This congregation is blessed with so many wonderful folk who give of their time and talents to make this a fun week for all involved. I know we couldn't do it every week, but it is great we can have one special week to 'Discover' together, in a camp setting, more about the gospel message.

The bible verse we are focusing on is 1 John 4:19 “We love because He first loved us”. We are exploring how God can work through our lives to help others. This is a lesson that everybody, is sharing in, volunteers and participants.

We have thought about the virtues of different bible characters. The courage of young David who faced down a giant, the wisdom of an early Israelite Judge named Deborah who led the nation to victory over a feared enemy. The tenacity of Shadrach, Mischach and Abednego, who refused to bow down and worship an image of Babylonian King Nebuchadnezzar and faced a fiery ordeal, yet discovered God was there for them.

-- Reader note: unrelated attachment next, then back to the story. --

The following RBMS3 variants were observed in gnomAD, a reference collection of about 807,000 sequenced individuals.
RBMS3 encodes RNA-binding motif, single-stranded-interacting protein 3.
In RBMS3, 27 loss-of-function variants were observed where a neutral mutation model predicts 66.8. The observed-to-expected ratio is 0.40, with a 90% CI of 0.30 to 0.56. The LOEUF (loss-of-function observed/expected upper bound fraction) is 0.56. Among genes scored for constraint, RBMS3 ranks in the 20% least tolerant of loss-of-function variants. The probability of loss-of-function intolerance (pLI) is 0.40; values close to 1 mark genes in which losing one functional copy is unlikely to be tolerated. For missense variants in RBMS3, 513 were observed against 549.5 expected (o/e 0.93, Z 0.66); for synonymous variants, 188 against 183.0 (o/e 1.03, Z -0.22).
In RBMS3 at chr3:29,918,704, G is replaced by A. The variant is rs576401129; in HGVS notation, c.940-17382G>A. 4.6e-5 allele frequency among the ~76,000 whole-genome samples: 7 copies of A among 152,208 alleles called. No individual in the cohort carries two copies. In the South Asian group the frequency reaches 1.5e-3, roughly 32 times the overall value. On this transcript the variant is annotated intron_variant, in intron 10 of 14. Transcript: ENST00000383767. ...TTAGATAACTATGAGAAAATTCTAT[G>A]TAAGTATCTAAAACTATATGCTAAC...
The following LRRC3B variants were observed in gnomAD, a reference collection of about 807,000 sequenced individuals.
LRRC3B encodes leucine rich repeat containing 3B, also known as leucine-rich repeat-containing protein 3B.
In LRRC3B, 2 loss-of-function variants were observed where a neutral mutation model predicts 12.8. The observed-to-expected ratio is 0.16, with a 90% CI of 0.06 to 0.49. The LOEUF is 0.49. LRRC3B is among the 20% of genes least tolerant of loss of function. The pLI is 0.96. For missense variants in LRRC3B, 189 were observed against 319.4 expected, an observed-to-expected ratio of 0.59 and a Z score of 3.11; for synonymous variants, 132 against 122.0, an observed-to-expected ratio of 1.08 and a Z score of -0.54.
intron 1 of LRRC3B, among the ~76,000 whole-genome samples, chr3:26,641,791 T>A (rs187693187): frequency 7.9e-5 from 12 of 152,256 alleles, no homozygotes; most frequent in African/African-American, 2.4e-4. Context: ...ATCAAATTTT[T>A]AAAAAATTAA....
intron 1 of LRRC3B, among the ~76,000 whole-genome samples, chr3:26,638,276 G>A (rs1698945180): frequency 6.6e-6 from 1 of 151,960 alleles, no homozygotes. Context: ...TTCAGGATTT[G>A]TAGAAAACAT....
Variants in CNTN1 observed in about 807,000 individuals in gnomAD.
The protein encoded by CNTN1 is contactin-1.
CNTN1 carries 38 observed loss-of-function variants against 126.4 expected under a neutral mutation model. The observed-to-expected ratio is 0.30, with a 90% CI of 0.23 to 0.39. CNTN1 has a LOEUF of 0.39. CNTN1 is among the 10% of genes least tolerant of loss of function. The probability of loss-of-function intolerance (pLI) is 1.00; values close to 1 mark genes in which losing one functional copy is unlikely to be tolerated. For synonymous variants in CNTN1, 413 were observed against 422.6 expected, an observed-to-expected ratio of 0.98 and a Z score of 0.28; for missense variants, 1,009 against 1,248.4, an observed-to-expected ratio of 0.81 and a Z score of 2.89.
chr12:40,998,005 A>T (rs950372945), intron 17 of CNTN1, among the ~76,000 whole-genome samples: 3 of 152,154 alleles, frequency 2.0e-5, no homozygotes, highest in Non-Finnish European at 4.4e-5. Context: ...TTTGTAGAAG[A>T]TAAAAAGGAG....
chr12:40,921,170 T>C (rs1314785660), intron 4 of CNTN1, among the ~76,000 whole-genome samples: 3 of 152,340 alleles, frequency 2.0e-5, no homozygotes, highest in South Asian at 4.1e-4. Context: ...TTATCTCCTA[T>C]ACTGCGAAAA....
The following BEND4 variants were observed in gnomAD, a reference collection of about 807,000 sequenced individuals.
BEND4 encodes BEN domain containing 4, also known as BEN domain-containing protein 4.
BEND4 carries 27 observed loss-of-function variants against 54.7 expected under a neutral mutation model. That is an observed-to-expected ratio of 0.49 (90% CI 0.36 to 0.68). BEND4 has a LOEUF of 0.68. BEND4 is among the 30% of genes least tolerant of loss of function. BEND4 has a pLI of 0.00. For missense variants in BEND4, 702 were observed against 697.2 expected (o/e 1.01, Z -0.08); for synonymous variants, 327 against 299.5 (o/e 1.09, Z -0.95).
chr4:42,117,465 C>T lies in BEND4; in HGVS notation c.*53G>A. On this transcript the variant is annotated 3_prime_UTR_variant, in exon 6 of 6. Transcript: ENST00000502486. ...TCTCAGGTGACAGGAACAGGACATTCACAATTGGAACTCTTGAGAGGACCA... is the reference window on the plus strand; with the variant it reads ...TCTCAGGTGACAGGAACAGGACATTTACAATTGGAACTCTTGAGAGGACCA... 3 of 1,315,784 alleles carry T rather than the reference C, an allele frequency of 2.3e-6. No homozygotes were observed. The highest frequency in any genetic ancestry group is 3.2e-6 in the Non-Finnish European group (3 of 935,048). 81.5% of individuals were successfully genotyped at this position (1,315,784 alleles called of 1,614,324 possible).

We have talked about a blind man, called Bartimaeus, who received a new vision from the touch of Jesus upon his life, and we'll be talking about character called Ananias, who was sent to minister to a one time opponent of Christianity called Saul; though we know him these days as the apostle Paul.

When talked about in a communal setting like 'Camp Discovery' it can really bring these characters, and the message of their life, alive to us. We hope and pray that our Bible School will be a positive influence on young lives, and that we will all know we are loved by God and grow in the desire to share the love of Jesus Christ with others. 


If you are around on Sunday and wish to join us for worship we'll be having a V.B.S. themed service. Come and be part of the fun!


Wednesday, July 8, 2015

Story-Tellers


Stories have tremendous power. They are capable of carrying great truths in a way that makes them extremely memorable. Whenever Jesus wanted to say something really important He usually told a story. Many of His stories, like the 'Good Samaritan' or 'The Prodigal Son' immediately remind us of a message, just with the words of the title.